18th Berwick Film & Media Arts Festival

Dylan Huw

March 28, 2023
Various locations, Berwick-upon-Tweed
March 3–5, 2023

This year’s Berwick Film and Media Arts Festival (BFMAF) took place for the first time in the spring, befitting a rich slate of films that explored themes of renewal: of history, archives, and land. Loosely dedicated to emergent practices in the space where “cinema” and “artists’ moving image” intersect, BFMAF has since its inaugural 2005 edition taken as given the intertwinement of the aesthetic and the political, and refused antagonisms between fiction and non-fiction, shorts and features, old and new. While experimental documentary forms dominated its eighteenth edition, many highlights looked to the liberatory capacities of narrative fiction and performance, as subjects and strategies of excavation.

A mini-retrospective of films by Anastasia Lapsui and Markku Lehmuskallio, curated by long-time BFMAF programmer Herb Shellenberger, formed one throughline. The duo’s films are made among the Nenets people of Arctic Russia, of whom Lapsui is a member. Their distinctly embedded cine-poetics—a “Fourth Cinema” practice developed over the last four decades—anchored a festival in which queer and Indigenous modes of documentary fabulation proliferated, as filmmakers exploded specific ties to land and place through performative, sublime, and fantastic means.

Life on the CAPS (2022), the final part of Meriem Bennani’s sprawling trilogy of speculative fictions, was a standout example. Set on the titular island—a vast, dystopian migrant holding-zone—the video weaved found digital footage, lo-fi scripted scenes, raucous animation, and musical interludes. It was a highly impactful and inventive portrait of the chaotic disorientations wrought by displacement, even if its frenetic tonal gear-shifts sometimes threaten to undermine our ability to fully invest in its worlds. I found unexpected assonances between Bennani’s video and A mother’s love for her baby (2022), from Cat and Éiméar McClay. Both negotiate tensions between the found and the fabulous, and between kitsch aesthetics and socio-political contestation, to excavate collective traumas—in the McClays’ case, the legacies of the Magdalene Laundries: the institutions founded by the Catholic Church to house “fallen women” (and, very often, to deprive them of children born out of wedlock). BFMAF’s sustained platforming of these young filmmakers (the McClays graduated in 2020) represents the festival at its best, their work led by experimental writing but remaining distinctly cinematic, marked by its intensity and strangeness.

Elsewhere in the New Cinema Award program—substantially composed of films produced for gallery contexts, making their festival and/or UK premieres in the chandeliered confines of the Maltings’ theater space—artists repeatedly sought novel methods of narrating intimate relationships to sacred or imperiled terrains. Fox Maxy’s F1ghting Looks Different 2 Me Now (2022) was a highlight, a delirious collage of distorted pop songs and home videos which centers on a stand-off between the artist and tribal authority figures in the ancestral lands of the Mesa Grande. Marwa Arsanios’s Who Is Afraid of Ideology? Part 4: Reverse Shot (2022), premiered last year in Documenta 15, uses long scenes of scripted dialogue to unravel the shifting meanings of land and property ownership from the vantage of a remote part of Lebanon.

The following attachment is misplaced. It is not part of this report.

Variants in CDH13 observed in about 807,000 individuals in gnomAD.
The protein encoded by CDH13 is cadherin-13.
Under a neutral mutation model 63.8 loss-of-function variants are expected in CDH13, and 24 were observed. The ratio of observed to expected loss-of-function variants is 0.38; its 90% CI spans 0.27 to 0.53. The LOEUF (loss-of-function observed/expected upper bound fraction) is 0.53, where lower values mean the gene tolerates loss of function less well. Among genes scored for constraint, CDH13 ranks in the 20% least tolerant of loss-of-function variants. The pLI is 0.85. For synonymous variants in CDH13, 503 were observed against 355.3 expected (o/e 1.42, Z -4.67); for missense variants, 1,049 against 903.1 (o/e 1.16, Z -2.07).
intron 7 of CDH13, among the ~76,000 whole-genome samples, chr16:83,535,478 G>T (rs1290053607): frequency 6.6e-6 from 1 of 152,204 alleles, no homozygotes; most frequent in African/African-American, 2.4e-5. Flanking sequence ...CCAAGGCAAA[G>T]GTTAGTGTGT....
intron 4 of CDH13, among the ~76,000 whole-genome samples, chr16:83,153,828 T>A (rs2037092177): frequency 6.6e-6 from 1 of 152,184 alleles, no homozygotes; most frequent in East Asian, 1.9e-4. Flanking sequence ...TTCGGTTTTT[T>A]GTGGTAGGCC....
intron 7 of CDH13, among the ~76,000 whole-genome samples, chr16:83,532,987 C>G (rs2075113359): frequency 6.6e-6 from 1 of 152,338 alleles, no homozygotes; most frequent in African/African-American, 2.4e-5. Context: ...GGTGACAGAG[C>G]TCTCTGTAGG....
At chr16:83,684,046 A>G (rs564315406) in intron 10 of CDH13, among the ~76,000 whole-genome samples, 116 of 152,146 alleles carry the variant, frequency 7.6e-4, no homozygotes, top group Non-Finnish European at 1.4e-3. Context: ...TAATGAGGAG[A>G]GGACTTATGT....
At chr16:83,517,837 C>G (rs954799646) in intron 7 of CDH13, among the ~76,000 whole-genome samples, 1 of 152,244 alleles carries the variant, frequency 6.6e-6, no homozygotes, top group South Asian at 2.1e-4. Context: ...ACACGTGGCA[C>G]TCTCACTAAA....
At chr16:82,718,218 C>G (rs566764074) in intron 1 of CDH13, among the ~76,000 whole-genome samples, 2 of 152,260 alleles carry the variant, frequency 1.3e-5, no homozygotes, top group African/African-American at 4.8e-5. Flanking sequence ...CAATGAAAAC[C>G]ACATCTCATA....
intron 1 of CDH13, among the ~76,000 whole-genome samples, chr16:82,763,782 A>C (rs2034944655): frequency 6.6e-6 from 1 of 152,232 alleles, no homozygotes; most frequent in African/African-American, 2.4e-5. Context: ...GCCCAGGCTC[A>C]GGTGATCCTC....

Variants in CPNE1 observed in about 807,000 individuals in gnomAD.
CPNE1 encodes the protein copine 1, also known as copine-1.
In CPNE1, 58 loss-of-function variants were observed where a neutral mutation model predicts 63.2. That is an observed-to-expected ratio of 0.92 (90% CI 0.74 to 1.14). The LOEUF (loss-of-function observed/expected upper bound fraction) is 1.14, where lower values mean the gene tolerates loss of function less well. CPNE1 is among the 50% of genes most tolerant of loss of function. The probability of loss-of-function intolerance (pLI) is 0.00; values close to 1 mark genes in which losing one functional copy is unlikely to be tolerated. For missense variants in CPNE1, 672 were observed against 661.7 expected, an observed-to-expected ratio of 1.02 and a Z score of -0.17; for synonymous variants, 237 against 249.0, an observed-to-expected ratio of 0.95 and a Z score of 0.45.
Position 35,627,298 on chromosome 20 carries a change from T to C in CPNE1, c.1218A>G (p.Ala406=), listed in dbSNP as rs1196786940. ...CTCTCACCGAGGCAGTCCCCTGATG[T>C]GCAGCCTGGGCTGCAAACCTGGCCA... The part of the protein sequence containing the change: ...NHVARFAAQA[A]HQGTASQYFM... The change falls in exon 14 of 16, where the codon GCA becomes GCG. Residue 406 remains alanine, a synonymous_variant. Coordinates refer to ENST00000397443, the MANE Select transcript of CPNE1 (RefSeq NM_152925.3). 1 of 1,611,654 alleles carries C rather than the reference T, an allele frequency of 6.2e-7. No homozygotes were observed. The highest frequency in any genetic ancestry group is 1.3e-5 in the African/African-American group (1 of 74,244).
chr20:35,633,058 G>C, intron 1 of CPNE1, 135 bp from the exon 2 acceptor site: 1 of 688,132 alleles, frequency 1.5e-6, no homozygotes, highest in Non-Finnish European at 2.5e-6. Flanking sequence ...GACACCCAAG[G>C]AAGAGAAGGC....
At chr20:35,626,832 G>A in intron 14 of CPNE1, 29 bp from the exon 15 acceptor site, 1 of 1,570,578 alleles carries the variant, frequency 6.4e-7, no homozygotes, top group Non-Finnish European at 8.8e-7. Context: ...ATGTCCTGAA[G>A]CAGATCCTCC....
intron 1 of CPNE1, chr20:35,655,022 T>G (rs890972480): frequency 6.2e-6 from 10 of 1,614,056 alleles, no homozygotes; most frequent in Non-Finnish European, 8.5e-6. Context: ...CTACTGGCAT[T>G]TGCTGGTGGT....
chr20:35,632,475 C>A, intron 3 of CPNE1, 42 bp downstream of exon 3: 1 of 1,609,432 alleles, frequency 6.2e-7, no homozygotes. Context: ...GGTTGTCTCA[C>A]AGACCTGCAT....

An often understated aspect of film festivals is how their temporally and spatially contingent nature impacts upon the reception of their films. This year, news that the Maltings Theatre, BFMAF’s base, was imminently to close for capital redevelopment intensified the place-based principles of so much of its program. In a Q&A following her profoundly moving Last Things (2023), the American filmmaker Deborah Stratman offhandedly referred to cinema as “just a pressurized bag o’ time.” This description lingered, particularly as that film’s geological expeditions and archival poetics seemed to literalise the excavatory impulse connecting so many of the films at BFMAF. Stratman looks to glaciers, rocks, and minerals to argue for “a polytemporal worldview” in how we navigate terrains both geographical and, implicitly, cinematic, the moving image being particularly well suited to layering voices, places, and timescales. Running to a compact fifty minutes, it’s a work of virtuosic ambition.

In a similarly associative and polyvocal vein, Luke Fowler’s Being in a Place: A Portrait of Margaret Tait (2022) burrowed into the “fugitive archives” of the Scottish filmmaker, the offcuts and ephemera considered unsuitable as “official” records of her life’s work. Fowler musically wove together discarded footage, interviews, and correspondences—largely involving Tait’s development of an unfinished, late-career film about Orkney for U.K. television. A picture emerges of a body of work whose uncommon poetry was not inevitable or divine, but the product of frequently frustrated labour.

As the title suggests, Being in a Place is also a film about the mining of landscapes as a meaning-making practice, emphasizing montage as a tool of remaking and rehearsal. It highlighted an aspect of this year’s program more broadly: that it elasticated the audience’s capacity to imagine the possibilities of cinema, and of documentary media more widely, as it pertained to the invention, reconfiguring, and remembrance of place—in ancestral lineages, the here-and-now, and the wildest of fantasies.

Experimental Film, Video Art

Dylan Huw is a writer living in Caernarfon, Wales.

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March 28, 2023

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